In a previous article, I outlined my rationale for rethinking the website redesign process to a “content first” approach. It shakes out to these 9 phases:
- Research + strategy
- Taxonomy + sitemap
- Content outline + synthesis
- Content migration
In that article, I talked about how a content-first web design process puts customers first, streamlines your design and helps your design team, helps with SEO and accessibility, but ultimately, makes for better storytelling and better conversation with your target audiences. So, how do you put that into practice? Here is a breakdown of each of the 9 steps, plus a bonus 10th step: post launch.
1. Research + Strategy First
So, what are your business goals and objectives? Don’t know? Then you need to rethink your marketing strategy, homie. Check out this article I recently wrote that should help you get started. If you do know, then you need to make those the starting point. You need to determine which of those goals and objectives your website can help you achieve and how. Out of your 4 personas, who will be visiting the website? What will they be looking for? What calls to action would drive people towards your goals? Is high traffic or quality-of-visitor going to have the most impact for your brand? You just need to determine what you want to achieve first, and then we’ll figure out how in the next phases.
When redesigning a website, you should have plenty of data at your disposal. After all, Google Analytics is free. You do have Google Analytics installed, right? Oh, good. I almost had a freaking heart attack. There are a few other tools that I recommend when redesigning websites (I haven’t been paid or endorsed by either of these, I just honestly recommend them):
- Crazy Egg – This site allows you to place a small script in your <header> and tracks all visitor activities on those specific pages. You can see where they clicked (even if it’s not a link), how they scrolled, what time they clicked, what day they clicked, where the traffic came from, and a myriad of other awesome data. Now, they even have a feature that records a users experience with the site.
- SEM Rush – This tool has been invaluable to me as an SEO professional. I use it nearly everyday, and when I don’t use it everyday, I’m getting notifications and reporting to my inbox. It’s helped me place clients in the first page of Google for so many keywords. But, it also helps tremendously as a website planning tool. You can plug your current site into it, and it will run an audit pointing out weak spots on your site that are hurting you from a search perspective. I always use it to identify red flags and areas of improvement on the next site – before I start considering site structure.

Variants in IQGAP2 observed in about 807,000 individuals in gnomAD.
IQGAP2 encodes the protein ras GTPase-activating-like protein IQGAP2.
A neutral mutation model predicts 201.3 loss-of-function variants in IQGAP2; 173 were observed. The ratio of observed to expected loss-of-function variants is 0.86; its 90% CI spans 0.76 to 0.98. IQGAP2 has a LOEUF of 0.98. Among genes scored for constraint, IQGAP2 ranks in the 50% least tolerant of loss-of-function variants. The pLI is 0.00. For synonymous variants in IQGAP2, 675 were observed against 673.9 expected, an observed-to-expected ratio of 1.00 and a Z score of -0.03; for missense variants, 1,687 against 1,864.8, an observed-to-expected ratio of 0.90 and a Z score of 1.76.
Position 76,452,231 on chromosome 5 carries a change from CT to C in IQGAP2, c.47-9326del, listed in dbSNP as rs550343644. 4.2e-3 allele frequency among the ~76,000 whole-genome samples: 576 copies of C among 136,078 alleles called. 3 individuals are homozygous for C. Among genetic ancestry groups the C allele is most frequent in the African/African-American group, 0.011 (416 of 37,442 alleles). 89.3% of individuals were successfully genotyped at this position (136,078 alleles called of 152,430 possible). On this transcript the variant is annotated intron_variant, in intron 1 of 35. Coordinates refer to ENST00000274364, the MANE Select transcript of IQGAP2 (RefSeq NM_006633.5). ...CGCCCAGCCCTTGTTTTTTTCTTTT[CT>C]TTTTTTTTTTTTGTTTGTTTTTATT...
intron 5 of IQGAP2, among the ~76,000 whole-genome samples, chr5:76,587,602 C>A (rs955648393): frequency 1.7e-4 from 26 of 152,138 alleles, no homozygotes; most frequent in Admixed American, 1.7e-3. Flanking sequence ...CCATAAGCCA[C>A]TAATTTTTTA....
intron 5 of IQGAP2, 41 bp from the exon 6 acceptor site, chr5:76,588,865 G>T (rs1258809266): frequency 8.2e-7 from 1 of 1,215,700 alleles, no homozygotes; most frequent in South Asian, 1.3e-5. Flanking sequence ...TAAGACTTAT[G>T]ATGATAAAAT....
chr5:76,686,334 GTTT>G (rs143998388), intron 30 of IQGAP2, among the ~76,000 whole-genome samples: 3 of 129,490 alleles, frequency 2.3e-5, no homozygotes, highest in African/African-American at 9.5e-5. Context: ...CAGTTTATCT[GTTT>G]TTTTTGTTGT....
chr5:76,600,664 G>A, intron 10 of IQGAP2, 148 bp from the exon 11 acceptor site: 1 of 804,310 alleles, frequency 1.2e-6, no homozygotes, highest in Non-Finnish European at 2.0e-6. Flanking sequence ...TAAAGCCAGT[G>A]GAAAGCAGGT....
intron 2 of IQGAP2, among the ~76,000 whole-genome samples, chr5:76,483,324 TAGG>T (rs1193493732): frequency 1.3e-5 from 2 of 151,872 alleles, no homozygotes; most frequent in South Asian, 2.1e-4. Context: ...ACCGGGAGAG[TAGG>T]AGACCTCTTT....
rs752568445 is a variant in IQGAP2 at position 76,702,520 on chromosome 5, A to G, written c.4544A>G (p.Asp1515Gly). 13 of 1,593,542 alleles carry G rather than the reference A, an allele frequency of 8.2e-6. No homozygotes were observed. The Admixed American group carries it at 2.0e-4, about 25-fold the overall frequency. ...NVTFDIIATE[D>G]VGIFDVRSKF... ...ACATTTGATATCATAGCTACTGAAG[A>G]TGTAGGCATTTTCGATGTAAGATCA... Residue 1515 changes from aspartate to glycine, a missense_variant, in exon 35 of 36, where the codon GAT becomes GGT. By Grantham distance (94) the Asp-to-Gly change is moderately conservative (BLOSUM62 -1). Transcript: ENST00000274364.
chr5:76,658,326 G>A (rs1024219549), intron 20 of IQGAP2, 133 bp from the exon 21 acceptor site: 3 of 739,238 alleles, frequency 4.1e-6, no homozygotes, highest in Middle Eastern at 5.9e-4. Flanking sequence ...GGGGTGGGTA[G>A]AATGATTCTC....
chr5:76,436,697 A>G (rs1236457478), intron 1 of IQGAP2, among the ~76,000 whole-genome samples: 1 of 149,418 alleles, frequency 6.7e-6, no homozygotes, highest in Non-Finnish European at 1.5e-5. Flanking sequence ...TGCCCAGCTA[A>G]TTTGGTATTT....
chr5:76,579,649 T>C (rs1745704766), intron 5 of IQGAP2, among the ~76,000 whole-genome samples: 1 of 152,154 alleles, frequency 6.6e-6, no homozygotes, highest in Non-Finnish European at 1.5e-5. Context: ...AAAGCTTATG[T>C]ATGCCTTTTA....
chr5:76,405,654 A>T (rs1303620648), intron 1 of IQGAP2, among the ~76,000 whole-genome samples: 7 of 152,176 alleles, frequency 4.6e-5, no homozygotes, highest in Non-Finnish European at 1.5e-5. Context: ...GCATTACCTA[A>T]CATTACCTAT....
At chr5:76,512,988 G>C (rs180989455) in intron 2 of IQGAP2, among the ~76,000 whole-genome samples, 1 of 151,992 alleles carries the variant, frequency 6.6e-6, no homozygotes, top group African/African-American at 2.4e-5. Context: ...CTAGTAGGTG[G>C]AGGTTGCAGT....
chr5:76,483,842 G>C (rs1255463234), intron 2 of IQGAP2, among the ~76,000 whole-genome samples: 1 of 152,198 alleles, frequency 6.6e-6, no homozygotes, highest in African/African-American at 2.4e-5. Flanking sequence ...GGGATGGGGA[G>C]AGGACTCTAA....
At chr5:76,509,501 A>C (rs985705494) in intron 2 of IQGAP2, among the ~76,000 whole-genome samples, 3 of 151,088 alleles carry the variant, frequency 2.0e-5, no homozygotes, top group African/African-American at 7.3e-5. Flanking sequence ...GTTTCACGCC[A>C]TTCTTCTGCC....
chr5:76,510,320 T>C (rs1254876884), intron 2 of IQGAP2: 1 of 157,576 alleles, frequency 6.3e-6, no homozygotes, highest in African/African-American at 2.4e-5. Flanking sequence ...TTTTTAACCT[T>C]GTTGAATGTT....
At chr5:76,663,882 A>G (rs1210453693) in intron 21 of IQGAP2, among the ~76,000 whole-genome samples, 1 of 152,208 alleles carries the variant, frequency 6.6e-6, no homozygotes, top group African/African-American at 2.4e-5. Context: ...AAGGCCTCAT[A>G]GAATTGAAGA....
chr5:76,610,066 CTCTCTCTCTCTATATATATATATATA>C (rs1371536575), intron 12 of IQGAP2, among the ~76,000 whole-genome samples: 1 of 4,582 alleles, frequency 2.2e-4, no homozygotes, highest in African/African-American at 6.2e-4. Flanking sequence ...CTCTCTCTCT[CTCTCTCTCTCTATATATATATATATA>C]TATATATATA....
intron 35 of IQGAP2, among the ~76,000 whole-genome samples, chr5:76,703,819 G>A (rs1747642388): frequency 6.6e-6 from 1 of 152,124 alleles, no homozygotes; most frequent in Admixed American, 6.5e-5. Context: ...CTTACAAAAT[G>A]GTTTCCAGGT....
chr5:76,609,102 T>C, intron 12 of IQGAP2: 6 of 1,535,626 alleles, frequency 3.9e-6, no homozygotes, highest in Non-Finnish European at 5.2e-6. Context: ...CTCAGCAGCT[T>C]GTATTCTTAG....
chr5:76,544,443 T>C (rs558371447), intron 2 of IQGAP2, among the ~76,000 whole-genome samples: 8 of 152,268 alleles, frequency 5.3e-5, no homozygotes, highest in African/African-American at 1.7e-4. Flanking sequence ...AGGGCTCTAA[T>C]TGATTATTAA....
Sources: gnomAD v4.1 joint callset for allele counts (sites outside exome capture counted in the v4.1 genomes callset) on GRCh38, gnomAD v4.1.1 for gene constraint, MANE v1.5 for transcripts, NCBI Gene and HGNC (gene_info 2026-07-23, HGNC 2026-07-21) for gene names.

Take all of your data and look for trends. What are the most popular pages on your website? What is the most typical user flow? Are there entire sections of your site that aren’t even being used? Are people typing things into the website search box that you aren’t offering on your site? Now, do the answers to these questions also line up with your company’s goals and objectives? This is a good time to validate those goals, or a good time to rethink them, or a good time to rethink the purpose of your website.
This is also a great time to run focus groups, user testing, surveys, and more to get real user feedback on your website. It’s the most ideal approach to take before you start the next phase of the site. It’s definitely worth the money and the time for the benefits you’ll see in the long run.
As you gather all of this data, you’re starting to build your site outline. This outline (informed by research and strategy) is what you will be using to create your sitemap.
2. Taxonomy + Sitemap
Now’s the time to look at what your strategy and research told you that you need in your site, and start to group that stuff together. If you’re a gastropub and people were looking primarily for ingredient information and sourcing, then you might want to create a prominent section of the site called “About Our Food” or something. Don’t get too specific or too high level for this exercise; just simply create a catalog (or taxonomy) of information that people want from your site (and, hopefully, this aligns with your goals).
There are tons of ways to sort through and map out a website’s taxonomy; but no matter what, you are creating a hierarchy (and network) of information. Stay broad and shallow (don’t go too narrow or too deep), but be specific with your categories and make sure they are unique. What you should have, at the end, is several buckets of content that are related under a section header.
Once you have your taxonomy mapped out, take a look at the section headers that you’ve placed the buckets of content beneath. How many do you have? Are some more prominent than others? Are they all truly unique?
3. Content Outline + Synthesis
Since this is “content-first” web design this should be the most important step, right? Yep. Definitely. You know the taxonomy and sitemap by this time, so you should have a rough sketch of what topics of content needs developed. What you don’t know is how much content needs developed, what it looks like, how it breaks down, how much is written word vs. graphical, what needs designed or animated, etc.
There are a lot of questions after the taxonomy / sitemap phase that should be answered by the content, not the wireframe. Usually, people move straight into wireframing. This puts your content in a box and restricts what you can do with it. This creates problems for the copywriter, the designer, the developers, and, ultimately, the customer. When you create the wireframes first, content is forced into the space which the designer grants it (who won’t have much to go on in the first place), it’s forced onto unnecessary subpages, it’s forced into widgets that hide it (impacting the user experience and mobile design of the site), or it’s forced out of the website completely. If you wireframe first, you also might find huge chunks of content the client didn’t know about, forgot about, or decided needs developed after seeing the designs. To avoid all of these issues: content-first.